Republicans know that in a battle of “cool,” Mitt Romney doesn’t stand a chance against President Obama.

While Mr. Obama slow-jammed the news on “Late Night With Jimmy Fallon” – giving the show its highest viewership in two years – Mr. Romney’s biggest cultural moment of the week was ... what? Sitting at a picnic table with Republican voters in Bethel Park, Pa., in his crisp white shirt and necktie, turning up his nose at the cookies? Turns out they were from a beloved local bakery. Oops.

One is tempted to remark that this battleground is entirely fictional, as in Captain America versus the Red Skull or Thor versus Loki. But so what? That's where the action is. Therefore the Republican game-plan for fighting the Obama "cool strategy" is perceptual as well. Instead of complaining that President Obama's cool constitutes just another set of mediated reality goggles, they are simply going to sell the public a rival set of goggles, one in which cool is uncool. The Christian Science Monitor continues its description of the battle of the goggles.

But instead of just ignoring Obama cool, the Republicans are hanging a lantern on it, saying, in effect, We get it, and here’s why you should vote him out anyway.

That’s the essence of a new video out Thursday by American Crossroads, the big conservative “super political-action committee” that’s supporting the Romney campaign. The 45-second message is mostly a montage of cool Obama moments – appearing on Jimmy Fallon, singing Al Green, calling Kanye West an expletive. Then the music stops, and the harsh statistics appear: Half of recent college grads are either jobless or underemployed. Eighty-five percent of college grads are moving in with their parents, according to a study out last May. Student-loan debt just crossed the $1 trillion mark.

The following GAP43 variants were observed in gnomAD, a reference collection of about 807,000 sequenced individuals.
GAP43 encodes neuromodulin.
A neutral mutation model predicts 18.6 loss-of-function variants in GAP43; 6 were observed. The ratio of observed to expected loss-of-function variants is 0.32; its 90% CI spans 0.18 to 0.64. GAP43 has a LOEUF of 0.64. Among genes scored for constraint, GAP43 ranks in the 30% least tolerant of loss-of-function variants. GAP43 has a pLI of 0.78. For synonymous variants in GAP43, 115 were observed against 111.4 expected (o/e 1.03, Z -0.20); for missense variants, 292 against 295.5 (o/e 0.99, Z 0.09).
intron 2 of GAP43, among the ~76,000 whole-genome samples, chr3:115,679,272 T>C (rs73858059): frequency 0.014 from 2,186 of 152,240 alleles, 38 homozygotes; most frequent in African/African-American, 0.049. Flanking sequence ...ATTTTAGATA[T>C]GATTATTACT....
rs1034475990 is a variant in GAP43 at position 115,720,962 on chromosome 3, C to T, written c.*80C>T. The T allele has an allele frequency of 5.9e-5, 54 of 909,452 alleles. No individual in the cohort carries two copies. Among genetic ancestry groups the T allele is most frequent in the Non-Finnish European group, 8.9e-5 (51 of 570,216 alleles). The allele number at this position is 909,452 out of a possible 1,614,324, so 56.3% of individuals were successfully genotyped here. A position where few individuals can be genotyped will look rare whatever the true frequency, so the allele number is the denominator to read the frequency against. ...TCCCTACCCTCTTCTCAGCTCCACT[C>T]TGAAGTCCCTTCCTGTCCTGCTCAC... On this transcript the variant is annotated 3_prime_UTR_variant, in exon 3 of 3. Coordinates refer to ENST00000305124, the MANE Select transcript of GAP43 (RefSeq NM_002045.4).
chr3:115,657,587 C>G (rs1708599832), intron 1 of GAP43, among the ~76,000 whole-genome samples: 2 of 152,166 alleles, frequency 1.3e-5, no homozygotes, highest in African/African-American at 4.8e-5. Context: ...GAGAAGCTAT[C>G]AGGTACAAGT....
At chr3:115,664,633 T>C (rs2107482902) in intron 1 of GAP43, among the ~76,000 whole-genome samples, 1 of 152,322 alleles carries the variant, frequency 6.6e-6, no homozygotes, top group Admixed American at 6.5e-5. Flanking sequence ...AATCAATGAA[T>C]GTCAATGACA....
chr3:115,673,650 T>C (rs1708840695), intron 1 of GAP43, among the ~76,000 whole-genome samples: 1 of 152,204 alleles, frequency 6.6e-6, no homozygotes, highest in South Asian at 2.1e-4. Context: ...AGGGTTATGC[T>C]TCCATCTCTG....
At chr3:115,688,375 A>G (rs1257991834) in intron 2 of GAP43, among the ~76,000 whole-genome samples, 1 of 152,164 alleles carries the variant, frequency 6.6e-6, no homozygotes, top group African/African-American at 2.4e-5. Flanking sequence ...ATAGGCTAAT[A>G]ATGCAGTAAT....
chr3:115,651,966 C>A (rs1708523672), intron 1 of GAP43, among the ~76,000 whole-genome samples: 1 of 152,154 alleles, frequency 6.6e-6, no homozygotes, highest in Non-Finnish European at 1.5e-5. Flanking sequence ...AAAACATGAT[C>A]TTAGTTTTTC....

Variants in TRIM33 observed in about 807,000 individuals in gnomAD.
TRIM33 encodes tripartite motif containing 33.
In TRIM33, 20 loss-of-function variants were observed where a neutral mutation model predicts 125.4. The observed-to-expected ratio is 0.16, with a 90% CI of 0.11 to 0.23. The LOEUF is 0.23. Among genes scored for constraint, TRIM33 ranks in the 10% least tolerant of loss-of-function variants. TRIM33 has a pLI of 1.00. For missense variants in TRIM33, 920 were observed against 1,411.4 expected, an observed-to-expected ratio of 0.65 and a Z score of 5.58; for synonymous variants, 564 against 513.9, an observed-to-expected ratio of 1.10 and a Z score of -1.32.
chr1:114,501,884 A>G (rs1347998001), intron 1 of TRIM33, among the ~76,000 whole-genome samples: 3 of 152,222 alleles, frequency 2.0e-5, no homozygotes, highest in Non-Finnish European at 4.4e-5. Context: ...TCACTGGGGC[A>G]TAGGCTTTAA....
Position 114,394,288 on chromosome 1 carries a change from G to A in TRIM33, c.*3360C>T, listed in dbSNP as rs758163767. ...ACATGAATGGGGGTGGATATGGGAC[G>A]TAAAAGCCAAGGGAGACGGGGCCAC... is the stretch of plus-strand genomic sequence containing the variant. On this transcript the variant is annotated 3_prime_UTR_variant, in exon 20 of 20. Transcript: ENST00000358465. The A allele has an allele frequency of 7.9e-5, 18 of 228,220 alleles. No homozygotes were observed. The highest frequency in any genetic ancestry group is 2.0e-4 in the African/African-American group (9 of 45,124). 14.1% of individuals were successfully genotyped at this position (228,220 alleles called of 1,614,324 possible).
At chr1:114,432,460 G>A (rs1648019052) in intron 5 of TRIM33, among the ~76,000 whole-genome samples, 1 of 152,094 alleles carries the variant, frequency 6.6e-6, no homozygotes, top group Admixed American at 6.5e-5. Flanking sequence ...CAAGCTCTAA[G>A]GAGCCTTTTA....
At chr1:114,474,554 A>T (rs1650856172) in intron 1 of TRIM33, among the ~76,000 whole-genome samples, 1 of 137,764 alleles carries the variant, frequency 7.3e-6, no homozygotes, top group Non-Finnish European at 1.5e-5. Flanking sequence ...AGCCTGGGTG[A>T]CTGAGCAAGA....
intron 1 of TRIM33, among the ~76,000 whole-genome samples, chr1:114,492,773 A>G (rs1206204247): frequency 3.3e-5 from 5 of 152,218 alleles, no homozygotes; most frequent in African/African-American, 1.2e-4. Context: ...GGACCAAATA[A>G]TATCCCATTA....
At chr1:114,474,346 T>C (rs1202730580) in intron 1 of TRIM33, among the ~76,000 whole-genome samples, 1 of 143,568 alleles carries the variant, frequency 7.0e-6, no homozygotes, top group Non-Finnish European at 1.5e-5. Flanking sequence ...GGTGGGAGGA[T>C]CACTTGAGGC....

Modern American politics with its emphasis not on changing reality but altering the voter's perception of it  recalls the fictional Talosians of Star Trek. In that science fiction universe, the Talosians are masters of a world in which people live in illusion so that they may be independent of reality.

The Talosians capture Star Fleet officer Captain Christopher Pike. They make everything seem wonderful for him. But they are up to no good. In reality (if one may use the term) "while imprisoned, Pike uncovers the Talosians' plans to repopulate their ravaged planet using himself and Vina as breeding stock for a race of slaves."

Viewers of the Original Star Trek series will remember that even the Talosians could not quite master reality completely. "Pike discovers that his primitive human emotions can neutralize the Talosians' ability to read his mind, and he manages to escape to the surface of the planet along with his landing party". Pike learned that if you got angry, hungry or emotional enough, the raw truth would burn through, despite the Talosian goggles.

Ironically he returns to the Talosian planet of his own free will. After being irremediably damaged in a radiation accident, Pike decides that reality is no longer for him. He makes his way back to Talos and disappears into the care of the aliens who tell the crew of Starship Enterprise as they depart that Pike has "illusion and you have reality. May you find your way as pleasant."

And there the viewer is left, on a Starship warping out into the void of space when it could have had all the Talosians had to offer, the crewmen wondering if it is still slavery when the slave doesn't know he is enslaved.  Say goodbye to reality and live in the Dream, for why should anyone care what exists if we can all pretend to live in the greatest of all possible worlds.

Cool, anyone?